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There are emerging interests in understanding higher order assemblies of biopolymers within and between cells, such as protein-protein and protein-RNA biomolecular condensates. These biomolecular condensates are thought to assemble/disassemble via multivalent interactions, including those mediated particularly by unique repeated amino acid motifs (URM). We asked how common are proteins with such URMs, their incidence and abundance, by exhaustively enumerating repeating motifs of length 3-10 in the human proteome. We found that URMs are very common and widely distributed across the human proteome. Moreover, the number of repetitions and intervals between them do not correlate with their lengths, which suggests that the number of repeats among proteins in the proteome is independent of length, contrary to the notion that short motifs are more abundant then long motifs. Finally, we describe two examples of URMs in proteins known to form higher order biopolymer assemblies: multi-PDZ domain-containing proteins and the FUS family of RNA binding proteins. For the FUS family, we predicted a known sequence 'grammar', specific motifs and interval sequence compositions that are essential to phase separation and material properties of condensates formed by this family of proteins. In PDZ domain-containing proteins we found a novel repeated motif that was surprisingly both within and between individual PDZ domains. We speculate that these motifs could be binding sites for multivalent interactions, a residual result of the mechanism by which PDZ-domain duplications occurred or that the linker sequences between PDZ domains may encode cryptic PDZ domains.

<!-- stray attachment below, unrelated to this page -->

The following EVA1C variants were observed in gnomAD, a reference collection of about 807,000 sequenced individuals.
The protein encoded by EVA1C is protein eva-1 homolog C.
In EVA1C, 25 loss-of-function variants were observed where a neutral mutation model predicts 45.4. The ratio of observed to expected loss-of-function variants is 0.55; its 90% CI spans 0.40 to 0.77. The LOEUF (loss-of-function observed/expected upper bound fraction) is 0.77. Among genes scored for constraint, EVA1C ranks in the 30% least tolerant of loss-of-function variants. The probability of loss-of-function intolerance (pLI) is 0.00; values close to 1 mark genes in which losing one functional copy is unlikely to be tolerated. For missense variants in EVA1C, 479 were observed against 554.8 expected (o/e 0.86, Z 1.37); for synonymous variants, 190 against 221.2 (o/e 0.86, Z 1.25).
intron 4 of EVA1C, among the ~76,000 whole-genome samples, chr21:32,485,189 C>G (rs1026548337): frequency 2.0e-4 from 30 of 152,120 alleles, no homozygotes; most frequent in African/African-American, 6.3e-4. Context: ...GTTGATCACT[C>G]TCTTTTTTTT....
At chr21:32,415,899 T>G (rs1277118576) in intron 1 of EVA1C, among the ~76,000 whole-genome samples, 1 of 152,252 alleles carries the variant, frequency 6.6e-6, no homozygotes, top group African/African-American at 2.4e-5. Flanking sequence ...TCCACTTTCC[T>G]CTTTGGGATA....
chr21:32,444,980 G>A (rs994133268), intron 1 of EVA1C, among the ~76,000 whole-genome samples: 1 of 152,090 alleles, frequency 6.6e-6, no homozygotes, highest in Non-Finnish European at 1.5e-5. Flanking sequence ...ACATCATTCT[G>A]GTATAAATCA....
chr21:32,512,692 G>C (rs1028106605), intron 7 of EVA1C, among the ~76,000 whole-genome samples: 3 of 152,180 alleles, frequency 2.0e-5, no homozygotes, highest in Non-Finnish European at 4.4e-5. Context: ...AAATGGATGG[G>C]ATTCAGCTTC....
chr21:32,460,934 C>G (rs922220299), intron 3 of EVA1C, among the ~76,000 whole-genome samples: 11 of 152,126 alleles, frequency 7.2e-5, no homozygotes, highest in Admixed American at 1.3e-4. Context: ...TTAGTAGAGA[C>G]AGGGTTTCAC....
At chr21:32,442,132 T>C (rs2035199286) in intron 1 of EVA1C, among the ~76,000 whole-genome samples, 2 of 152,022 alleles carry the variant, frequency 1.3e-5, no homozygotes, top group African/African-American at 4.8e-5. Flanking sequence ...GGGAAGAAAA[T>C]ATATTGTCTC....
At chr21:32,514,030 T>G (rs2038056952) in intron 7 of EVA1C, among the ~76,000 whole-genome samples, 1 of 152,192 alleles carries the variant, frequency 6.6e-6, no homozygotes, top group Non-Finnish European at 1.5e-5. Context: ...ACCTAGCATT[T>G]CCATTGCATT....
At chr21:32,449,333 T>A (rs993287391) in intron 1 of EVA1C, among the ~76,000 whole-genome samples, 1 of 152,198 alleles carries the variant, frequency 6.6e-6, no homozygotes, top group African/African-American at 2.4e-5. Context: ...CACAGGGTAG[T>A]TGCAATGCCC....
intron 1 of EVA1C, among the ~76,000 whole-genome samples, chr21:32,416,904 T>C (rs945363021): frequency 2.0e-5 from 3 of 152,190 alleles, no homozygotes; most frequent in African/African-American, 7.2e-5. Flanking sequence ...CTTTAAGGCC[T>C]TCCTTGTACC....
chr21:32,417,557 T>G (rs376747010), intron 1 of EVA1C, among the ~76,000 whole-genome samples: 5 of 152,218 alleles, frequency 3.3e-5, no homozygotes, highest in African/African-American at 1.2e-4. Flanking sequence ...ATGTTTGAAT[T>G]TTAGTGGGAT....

This article was published in the following journal.
Name: Current opinion in structural biology
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SNARE proteins where the central amino acid residue of the SNARE motif is an ARGININE. They are classified separately from the Q-SNARE PROTEINS where the central amino acid residue of the SNARE motif is a GLUTAMINE. This subfamily contains the vesicle associated membrane proteins (VAMPs) based on similarity to the prototype for the R-SNAREs, VAMP2 (synaptobrevin 2).
SNARE proteins in which the central amino acid residue of the SNARE motif is a GLUTAMINE. They are classified separately from the R-SNARE PROTEINS where the central amino acid residue of the SNARE motif is an ARGININE. Subfamilies, the QA-SNARES; QB-SNARES; and QC-SNARES are grouped by the position of their SNARE motif-containing-domains in the SNARE complex and by their sequence similarities.
A helix-turn-helix motif characterized by three alpha-helices and four-stranded beta-sheets arranged in the order alpha1-beta1-beta2-alpha2-alpha3-beta3-beta4. The third alpha-helix contacts the major groove of DNA. The ETS motif and the flanking amino acid sequences of Ets proteins influence the binding affinity, and the alteration of a single amino acid in the Ets domain can change its DNA binding specificity.
A conserved AMINO ACID SEQUENCE located in the intracellular domains of a family of transmembrane proteins that negatively regulate the signal transduction processes emanating from transmembrane proteins containing IMMUNORECEPTOR TYROSINE-BASED ACTIVATION MOTIFS. The CONSENSUS SEQUENCE of this motif is I(or V)LXYXXL(or V) (where X denotes any amino acid). Also known as ITIM motifs.
Protein interaction motifs of approximately 40 amino acids that usually terminate in TRYPTOPHAN and ASPARTIC ACID. They form characteristic beta-propeller structures and occur in many eukaryotic proteins that function in a variety of cellular processes. Proteins that contain WD40 repeats often function as assembly platforms for MULTIPROTEIN COMPLEXES.
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